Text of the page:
It sure seems to me that by defunding Planned Parenthood, the number of abortions performed each year will rise. If a woman can’t afford a legal, safe abortion, she may attempt to obtain an unsafe abortion, risking injury and death.
There will be a lot more info on all this in next week’s episode notes (Episode 6), as that interview is intensely focused on abortion.
00:29:24 What is the Heartbeat Bill?
A fetal heartbeat bill makes abortion illegal as soon as a fetus’s heartbeat can be detected. This is based on the concept that a fetus is a person as soon as it has a heartbeat.
Ohio's state legislature passed a Heartbeat Bill in December 2016, but it was vetoed by Ohio Governor John Kasich and replaced with a restriction on abortions after 20 weeks.
In January 2017, some Republican congressmen introduced the Heartbeat Protection Act of 2017, which is unlikely to pass in the House, since it’s, oh, you know, unconstitutional.
Pro-choice advocates condemn these bills as a way for lawmakers to stop women from obtaining legal, safe abortions.
00:32:09 Did Barack Obama deport 400,000 illegal immigrants during his time in office, and was that more than George W. Bush? What systems do we have in place to decrease illegal immigration and deport violent criminals?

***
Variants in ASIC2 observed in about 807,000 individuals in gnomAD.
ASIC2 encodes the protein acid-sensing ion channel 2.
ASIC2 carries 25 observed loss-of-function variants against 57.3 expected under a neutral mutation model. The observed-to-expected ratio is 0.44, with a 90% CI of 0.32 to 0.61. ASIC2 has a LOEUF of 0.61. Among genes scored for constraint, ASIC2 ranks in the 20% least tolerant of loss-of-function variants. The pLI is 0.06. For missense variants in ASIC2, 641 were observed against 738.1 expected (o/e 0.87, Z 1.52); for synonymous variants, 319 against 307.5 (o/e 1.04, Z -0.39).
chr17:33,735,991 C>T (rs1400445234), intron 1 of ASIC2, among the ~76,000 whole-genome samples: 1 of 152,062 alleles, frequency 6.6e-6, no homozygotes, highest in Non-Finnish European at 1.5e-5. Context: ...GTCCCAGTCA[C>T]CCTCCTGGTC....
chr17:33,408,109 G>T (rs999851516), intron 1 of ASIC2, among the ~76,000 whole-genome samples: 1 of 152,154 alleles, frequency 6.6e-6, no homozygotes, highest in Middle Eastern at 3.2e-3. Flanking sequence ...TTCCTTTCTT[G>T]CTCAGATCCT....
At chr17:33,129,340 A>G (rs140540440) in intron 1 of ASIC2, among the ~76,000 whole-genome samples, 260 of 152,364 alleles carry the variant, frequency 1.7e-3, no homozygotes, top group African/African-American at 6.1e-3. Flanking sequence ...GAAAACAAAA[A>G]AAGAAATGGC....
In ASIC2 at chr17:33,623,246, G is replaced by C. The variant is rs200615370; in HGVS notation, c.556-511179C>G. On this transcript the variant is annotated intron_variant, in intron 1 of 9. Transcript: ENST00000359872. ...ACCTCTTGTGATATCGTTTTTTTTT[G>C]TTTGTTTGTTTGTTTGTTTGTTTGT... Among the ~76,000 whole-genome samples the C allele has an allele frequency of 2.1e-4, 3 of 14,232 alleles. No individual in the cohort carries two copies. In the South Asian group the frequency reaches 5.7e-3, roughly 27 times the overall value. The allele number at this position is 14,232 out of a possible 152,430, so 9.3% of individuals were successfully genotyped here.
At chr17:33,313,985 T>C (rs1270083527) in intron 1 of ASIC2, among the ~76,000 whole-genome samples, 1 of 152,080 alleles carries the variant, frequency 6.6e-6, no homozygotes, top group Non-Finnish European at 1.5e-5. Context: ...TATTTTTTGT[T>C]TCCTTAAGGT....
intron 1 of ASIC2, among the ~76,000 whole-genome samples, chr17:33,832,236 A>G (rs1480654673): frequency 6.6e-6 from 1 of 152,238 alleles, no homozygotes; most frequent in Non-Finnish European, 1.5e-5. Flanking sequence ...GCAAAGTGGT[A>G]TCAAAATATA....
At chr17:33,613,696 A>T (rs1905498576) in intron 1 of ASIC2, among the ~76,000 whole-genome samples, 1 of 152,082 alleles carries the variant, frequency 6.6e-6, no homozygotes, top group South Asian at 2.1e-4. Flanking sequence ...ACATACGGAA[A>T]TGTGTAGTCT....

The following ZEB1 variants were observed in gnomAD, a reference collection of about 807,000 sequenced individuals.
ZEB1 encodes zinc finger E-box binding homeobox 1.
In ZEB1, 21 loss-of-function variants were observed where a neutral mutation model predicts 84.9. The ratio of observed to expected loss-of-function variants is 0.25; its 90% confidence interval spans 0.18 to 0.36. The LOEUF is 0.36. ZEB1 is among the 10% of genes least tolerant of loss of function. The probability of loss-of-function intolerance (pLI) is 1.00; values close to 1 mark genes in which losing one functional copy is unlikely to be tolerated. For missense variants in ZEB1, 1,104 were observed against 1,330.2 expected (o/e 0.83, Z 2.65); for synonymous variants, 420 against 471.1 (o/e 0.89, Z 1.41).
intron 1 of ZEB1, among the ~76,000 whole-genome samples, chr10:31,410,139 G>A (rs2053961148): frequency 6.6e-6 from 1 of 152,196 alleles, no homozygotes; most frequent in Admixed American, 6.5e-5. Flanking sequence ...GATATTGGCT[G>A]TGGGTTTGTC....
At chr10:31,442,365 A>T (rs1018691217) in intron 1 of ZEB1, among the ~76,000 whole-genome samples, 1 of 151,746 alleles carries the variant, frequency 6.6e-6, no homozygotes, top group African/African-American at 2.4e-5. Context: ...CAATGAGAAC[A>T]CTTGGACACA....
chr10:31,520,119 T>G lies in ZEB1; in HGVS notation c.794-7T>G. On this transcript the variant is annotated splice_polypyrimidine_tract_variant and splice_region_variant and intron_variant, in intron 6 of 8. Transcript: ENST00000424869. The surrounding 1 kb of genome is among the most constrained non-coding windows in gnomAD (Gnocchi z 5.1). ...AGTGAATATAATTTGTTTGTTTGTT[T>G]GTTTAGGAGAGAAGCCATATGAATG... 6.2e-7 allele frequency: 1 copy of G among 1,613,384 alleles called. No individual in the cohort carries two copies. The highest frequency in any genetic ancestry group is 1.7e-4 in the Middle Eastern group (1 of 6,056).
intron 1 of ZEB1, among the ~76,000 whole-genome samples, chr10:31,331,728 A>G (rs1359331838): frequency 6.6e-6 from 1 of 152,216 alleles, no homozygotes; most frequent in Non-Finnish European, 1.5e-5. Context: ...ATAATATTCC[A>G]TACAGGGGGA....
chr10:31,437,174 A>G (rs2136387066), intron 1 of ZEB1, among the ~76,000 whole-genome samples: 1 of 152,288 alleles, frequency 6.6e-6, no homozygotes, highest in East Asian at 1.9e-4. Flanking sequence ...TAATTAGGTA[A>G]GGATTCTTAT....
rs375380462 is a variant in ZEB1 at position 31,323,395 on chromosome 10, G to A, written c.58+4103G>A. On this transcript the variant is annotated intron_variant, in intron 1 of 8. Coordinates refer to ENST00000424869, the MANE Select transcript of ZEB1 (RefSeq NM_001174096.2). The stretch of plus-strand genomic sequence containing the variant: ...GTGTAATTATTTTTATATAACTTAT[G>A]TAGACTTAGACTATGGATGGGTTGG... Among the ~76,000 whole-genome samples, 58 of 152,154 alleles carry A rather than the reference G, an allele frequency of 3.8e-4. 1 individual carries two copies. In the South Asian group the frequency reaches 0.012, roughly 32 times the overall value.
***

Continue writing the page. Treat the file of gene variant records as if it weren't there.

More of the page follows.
The Obama administration actually deported 2.5 million illegal immigrants between 2009-2015. Technically, that means more people were deported during the Obama administration than that of any other president.
However, this spike in deportation numbers was less due to Obama being hard on illegal immigrants, and more because of a change in how deportations are defined.. The Los Angeles Times noted that if it were not for the change in definition, the numbers would not have been record-setting in the LA area.